The Head Game of Youth Sports
I just read a fantastic editorial about head injury and concussion in youth sports, written by someone who knows and cares: Neurologist Richard C. Senelick, M.D., Medical Director of the Rehabilitation Institute of San Antonio. He is also a father and a grandfather, so this topic is more than just an abstract medical exercise to him.
We have written extensively about the dangers of concussion–what doctors now refer to as “mild traumatic brain injury” or MTBI. So far, this has been a watershed year in how concussions are viewed. This year, we learned that a person who receives multiple concussions is at risk for developing Chronic Traumatic Encephalopathy (CTE), which leads to early dementia, depression, personality changes, and death.
We also learned this year that some cases of amyotrophic lateral sclerosis (ALS, or Lou Gehrig’s Disease) may be due to head trauma, not disease process.
This is also the year that we found out that the number of head injuries in children’s sports have doubled or even quadrupled in the past 10 years. MTBI awareness has even reached that most hard-headed group, the National Football League, which has mandated that an educational poster about concussion be hung in every pro locker room.
As Dr. Senelick states:
Although the population of NFL players is important, there are only 1,900 active NFL players each season. There are more than 3 million children playing football at the youth level and 1.2 million more playing high school football. This doesn’t even begin to count the number of kids playing soccer (heading the ball) and hockey (body checking). We have to ask whether we are taking adequate steps to protect our children – to change not just the equipment but the rules so that we reduce the chances of the players experiencing traumatic brain injuries.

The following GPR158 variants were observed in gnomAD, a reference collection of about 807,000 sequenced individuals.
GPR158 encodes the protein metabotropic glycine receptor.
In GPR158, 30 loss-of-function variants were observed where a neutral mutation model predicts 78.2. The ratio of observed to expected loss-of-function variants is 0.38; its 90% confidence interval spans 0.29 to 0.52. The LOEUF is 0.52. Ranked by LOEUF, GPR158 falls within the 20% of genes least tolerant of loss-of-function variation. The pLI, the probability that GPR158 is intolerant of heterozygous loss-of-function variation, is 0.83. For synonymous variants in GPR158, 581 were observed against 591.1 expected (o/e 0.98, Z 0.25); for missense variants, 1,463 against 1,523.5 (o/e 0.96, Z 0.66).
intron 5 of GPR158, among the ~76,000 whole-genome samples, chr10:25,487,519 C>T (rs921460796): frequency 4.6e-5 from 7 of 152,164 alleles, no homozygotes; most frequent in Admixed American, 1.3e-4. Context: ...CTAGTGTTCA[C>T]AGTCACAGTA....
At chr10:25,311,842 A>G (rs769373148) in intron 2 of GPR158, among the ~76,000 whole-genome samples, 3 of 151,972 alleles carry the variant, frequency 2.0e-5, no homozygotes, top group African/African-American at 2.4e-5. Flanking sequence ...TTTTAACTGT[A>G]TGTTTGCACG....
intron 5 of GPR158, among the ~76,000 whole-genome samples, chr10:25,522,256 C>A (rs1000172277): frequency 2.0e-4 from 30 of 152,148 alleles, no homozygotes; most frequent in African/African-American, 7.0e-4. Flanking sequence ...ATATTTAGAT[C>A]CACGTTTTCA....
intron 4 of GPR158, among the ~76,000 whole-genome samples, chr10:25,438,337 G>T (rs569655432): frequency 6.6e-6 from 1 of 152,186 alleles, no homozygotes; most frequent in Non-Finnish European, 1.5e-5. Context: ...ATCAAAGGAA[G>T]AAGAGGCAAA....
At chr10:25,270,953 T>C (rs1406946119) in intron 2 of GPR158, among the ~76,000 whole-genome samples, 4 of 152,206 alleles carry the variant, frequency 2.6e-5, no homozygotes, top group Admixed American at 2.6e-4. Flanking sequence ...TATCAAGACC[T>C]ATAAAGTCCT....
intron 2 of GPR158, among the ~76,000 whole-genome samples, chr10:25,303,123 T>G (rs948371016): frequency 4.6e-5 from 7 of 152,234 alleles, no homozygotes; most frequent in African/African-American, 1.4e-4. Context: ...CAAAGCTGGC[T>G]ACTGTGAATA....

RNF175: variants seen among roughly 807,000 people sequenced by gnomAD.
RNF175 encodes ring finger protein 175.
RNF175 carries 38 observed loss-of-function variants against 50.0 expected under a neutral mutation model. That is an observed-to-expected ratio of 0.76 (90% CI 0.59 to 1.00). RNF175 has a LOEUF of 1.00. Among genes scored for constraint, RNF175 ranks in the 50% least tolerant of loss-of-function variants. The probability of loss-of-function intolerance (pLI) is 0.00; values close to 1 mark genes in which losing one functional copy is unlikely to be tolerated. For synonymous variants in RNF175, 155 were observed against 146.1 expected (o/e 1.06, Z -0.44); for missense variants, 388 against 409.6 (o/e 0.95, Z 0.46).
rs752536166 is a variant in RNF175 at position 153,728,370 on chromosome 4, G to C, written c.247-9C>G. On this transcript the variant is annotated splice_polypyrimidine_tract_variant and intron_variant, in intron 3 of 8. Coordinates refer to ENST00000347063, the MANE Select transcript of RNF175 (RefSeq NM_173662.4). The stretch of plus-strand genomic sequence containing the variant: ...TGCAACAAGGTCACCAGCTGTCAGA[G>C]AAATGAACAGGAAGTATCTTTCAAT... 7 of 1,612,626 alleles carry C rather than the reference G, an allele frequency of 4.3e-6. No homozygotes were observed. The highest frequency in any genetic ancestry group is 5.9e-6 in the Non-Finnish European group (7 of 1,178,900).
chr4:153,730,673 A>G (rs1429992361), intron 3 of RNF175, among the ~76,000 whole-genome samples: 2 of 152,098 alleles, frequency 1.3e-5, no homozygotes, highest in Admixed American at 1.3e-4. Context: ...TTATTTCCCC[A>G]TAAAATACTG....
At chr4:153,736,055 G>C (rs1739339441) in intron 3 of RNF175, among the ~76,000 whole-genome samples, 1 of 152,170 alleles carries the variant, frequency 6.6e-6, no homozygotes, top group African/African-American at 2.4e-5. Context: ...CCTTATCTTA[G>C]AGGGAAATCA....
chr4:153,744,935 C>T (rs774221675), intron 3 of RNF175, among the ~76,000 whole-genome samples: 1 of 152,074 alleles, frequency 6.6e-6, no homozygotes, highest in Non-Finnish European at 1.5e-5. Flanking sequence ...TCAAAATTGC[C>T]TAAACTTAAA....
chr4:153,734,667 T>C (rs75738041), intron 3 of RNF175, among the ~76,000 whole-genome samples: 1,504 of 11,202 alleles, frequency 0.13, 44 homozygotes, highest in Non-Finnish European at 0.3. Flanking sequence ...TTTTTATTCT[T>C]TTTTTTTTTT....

What does he suggest? The same things experts and investigators have been suggesting for years:
- Change the rules of the games to make head injury less likely.
- Change the equipment, helmets and the equipment that makes dangerous projectiles of balls and pucks.
- Mandate certified trainers in schools and for all organized sports activities.
- Change the culture, so that we value health over winning a game…especially when our children are young, their brains are developing, and the games will be forgotten by morning.
None of that will be easy. Think how difficult it is just to get people to use a seat belt in a car, or to wear a helmet while cycling. Dr. Senelick notes that in Idaho…
We have an increasing number of bear attacks because people foolishly approach a bear, thinking it is safe to get that close-up picture. I recently read the following analogy: If people are in the ocean and hear someone yell “shark” they race out of the water. If someone yells “bear” in Yellowstone, everyone races to get a close-up photograph. They have not been properly educated on the dangers of close encounters with a bear.
The same is true for youth sports and brain injuries. There is a bear out there and people need to be educated and the rules need to be changed.
He ends his editorial with this sentence: ”Our children are getting injured and dying — it is time to wake up.” Given the traumatic head injuries we have seen, we agree. The only thing more heartbreaking than seeing a child with a head injury is watching the agony of that child’s parents. No one gets over it…not the child, not the parents, not the grandparents, not the community. We owe it to…well, everyone to help protect our children from head injury.
Our previous blogs on concussion:
To read Dr. Senelick’s full article, click here: Head Games and Youth Sports: Have We Gone Too Far?
To read a great Time magazine article, which has a link to a video of what football can do to the brain, click here: The problem with football: How to make it safer